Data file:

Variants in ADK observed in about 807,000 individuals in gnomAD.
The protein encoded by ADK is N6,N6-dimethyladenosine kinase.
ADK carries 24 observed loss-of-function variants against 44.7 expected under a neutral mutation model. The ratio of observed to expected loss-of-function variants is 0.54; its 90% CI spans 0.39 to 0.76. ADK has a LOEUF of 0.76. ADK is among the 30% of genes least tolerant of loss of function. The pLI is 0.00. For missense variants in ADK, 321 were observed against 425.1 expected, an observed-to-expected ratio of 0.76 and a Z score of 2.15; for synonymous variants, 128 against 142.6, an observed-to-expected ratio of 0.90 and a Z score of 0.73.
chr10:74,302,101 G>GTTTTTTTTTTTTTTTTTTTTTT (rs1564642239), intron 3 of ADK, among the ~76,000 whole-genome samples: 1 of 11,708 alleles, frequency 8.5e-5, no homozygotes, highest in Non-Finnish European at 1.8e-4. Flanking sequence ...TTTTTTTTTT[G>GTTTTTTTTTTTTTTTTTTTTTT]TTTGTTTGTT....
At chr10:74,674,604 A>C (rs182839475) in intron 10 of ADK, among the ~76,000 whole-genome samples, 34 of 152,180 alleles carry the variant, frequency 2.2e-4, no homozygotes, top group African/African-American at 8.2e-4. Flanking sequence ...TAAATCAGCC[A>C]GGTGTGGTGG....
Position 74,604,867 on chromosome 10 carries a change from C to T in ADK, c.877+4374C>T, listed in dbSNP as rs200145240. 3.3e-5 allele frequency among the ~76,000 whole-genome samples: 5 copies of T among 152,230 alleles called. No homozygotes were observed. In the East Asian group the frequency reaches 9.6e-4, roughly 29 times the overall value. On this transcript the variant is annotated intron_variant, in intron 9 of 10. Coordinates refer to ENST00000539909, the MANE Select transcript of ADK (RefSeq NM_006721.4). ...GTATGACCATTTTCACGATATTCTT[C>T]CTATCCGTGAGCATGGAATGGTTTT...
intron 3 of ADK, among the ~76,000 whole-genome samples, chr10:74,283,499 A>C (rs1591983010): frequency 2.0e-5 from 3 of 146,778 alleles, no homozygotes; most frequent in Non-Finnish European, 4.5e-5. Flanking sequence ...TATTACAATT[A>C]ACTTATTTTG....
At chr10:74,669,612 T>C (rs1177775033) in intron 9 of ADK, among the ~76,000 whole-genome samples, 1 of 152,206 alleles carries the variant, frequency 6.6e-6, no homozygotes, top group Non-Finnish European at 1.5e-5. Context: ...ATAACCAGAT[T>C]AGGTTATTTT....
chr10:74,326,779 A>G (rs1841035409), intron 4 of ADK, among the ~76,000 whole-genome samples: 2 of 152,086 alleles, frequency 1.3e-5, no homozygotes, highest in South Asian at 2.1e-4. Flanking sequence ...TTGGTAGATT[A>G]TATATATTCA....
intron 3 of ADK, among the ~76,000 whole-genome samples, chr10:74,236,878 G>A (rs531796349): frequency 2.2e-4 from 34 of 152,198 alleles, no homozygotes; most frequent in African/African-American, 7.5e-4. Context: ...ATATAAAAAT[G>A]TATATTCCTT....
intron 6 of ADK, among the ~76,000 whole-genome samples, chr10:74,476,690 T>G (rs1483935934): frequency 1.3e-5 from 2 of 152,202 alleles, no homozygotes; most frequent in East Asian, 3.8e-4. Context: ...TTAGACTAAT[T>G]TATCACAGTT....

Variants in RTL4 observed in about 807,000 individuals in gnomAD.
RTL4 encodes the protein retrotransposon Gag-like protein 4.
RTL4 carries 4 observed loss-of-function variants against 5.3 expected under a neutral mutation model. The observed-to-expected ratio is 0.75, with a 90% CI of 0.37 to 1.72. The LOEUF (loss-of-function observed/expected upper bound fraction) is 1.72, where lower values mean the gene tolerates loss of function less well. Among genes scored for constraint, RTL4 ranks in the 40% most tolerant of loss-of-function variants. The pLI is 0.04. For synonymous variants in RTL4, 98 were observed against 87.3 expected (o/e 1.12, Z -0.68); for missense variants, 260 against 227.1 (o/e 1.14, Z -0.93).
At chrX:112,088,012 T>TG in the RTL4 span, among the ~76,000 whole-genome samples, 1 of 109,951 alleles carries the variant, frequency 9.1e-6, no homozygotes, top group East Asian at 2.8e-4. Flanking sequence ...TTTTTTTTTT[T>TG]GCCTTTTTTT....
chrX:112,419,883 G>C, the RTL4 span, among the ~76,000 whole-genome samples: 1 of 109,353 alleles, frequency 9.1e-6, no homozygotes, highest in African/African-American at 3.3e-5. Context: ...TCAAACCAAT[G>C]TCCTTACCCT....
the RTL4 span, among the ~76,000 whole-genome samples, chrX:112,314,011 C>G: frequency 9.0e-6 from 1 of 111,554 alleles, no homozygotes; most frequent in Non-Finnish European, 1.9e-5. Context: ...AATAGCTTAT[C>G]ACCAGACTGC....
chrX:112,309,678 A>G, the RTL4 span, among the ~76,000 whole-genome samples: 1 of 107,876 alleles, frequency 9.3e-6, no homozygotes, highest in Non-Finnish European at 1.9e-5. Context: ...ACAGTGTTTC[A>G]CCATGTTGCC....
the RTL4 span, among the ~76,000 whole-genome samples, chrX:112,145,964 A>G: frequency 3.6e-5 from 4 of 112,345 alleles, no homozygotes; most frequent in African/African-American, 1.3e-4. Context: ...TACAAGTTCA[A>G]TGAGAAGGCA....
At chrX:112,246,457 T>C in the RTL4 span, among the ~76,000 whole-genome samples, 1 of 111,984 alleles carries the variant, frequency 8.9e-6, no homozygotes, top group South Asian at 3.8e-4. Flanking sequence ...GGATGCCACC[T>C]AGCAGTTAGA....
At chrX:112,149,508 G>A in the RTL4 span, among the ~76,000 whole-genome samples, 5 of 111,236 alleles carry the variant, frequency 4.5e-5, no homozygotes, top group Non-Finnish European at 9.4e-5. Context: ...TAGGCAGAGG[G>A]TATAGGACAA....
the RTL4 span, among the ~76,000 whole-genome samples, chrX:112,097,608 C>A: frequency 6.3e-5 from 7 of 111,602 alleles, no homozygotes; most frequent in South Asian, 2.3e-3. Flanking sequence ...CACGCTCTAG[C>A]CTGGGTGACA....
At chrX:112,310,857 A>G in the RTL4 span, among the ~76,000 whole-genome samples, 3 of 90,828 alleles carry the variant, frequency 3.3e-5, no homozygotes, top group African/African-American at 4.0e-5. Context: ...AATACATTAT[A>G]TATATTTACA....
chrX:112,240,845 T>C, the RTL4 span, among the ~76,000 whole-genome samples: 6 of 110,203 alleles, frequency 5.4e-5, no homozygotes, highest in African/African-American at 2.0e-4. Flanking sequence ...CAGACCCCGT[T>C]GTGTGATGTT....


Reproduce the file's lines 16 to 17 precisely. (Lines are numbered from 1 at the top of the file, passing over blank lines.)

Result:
chrX:112,419,883 G>C, the RTL4 span, among the ~76,000 whole-genome samples: 1 of 109,353 alleles, frequency 9.1e-6, no homozygotes, highest in African/African-American at 3.3e-5. Context: ...TCAAACCAAT[G>C]TCCTTACCCT....
the RTL4 span, among the ~76,000 whole-genome samples, chrX:112,314,011 C>G: frequency 9.0e-6 from 1 of 111,554 alleles, no homozygotes; most frequent in Non-Finnish European, 1.9e-5. Context: ...AATAGCTTAT[C>G]ACCAGACTGC....